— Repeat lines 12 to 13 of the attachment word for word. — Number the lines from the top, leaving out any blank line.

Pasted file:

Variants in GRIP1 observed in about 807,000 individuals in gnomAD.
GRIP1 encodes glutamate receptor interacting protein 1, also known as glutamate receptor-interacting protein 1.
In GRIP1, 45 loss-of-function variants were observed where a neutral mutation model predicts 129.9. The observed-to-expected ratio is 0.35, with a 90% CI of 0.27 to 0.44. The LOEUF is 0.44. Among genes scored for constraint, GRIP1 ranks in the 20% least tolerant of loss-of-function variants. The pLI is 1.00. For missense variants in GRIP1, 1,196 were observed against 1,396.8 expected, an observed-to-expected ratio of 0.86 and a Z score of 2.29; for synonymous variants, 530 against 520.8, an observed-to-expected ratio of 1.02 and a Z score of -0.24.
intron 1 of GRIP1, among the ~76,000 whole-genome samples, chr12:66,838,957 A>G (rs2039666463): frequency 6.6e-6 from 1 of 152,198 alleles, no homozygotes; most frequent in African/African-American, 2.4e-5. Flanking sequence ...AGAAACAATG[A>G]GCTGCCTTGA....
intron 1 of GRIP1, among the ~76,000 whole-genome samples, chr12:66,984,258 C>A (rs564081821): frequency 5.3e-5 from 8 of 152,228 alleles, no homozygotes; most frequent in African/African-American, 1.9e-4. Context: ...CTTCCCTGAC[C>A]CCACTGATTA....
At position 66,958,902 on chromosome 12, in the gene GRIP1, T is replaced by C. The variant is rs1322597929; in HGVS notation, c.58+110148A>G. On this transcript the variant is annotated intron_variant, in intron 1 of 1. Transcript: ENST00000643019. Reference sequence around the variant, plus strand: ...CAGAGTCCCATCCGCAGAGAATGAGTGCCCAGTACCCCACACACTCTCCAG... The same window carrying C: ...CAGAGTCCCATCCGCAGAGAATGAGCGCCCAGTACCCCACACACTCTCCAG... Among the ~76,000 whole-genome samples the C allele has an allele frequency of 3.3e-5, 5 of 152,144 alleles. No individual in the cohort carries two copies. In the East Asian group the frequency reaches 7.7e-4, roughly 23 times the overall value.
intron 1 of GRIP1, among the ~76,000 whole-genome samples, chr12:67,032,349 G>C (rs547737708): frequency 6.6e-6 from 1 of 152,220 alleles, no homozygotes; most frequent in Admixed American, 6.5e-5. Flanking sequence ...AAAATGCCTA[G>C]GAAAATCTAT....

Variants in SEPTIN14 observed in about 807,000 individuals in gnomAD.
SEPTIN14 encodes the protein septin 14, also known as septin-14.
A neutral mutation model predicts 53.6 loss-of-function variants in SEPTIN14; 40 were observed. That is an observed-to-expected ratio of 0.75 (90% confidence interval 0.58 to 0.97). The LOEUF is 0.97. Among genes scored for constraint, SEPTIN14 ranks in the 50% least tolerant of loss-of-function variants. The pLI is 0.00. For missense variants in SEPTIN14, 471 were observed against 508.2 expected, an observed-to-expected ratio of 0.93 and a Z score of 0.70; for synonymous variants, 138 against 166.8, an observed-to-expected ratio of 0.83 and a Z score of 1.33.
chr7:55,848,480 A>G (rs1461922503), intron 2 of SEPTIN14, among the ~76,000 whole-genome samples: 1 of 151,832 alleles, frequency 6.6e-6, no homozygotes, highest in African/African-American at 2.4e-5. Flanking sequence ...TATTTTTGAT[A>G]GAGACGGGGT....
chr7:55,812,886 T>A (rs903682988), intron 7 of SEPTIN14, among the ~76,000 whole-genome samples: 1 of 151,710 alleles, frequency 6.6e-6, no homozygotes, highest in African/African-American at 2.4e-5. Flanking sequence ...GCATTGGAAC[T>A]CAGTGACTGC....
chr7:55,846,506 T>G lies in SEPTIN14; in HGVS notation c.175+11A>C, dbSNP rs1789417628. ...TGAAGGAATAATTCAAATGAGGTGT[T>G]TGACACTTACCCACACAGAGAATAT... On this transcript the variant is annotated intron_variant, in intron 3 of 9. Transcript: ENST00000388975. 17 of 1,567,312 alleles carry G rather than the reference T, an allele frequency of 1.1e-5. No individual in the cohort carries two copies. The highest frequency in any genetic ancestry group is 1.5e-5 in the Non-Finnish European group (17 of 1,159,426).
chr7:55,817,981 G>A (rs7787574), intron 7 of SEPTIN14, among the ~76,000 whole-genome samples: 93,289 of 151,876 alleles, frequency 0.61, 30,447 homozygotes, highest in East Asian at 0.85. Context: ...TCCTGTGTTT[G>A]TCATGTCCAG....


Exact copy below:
chr7:55,812,886 T>A (rs903682988), intron 7 of SEPTIN14, among the ~76,000 whole-genome samples: 1 of 151,710 alleles, frequency 6.6e-6, no homozygotes, highest in African/African-American at 2.4e-5. Flanking sequence ...GCATTGGAAC[T>A]CAGTGACTGC....
chr7:55,846,506 T>G lies in SEPTIN14; in HGVS notation c.175+11A>C, dbSNP rs1789417628. ...TGAAGGAATAATTCAAATGAGGTGT[T>G]TGACACTTACCCACACAGAGAATAT... On this transcript the variant is annotated intron_variant, in intron 3 of 9. Transcript: ENST00000388975. 17 of 1,567,312 alleles carry G rather than the reference T, an allele frequency of 1.1e-5. No individual in the cohort carries two copies. The highest frequency in any genetic ancestry group is 1.5e-5 in the Non-Finnish European group (17 of 1,159,426).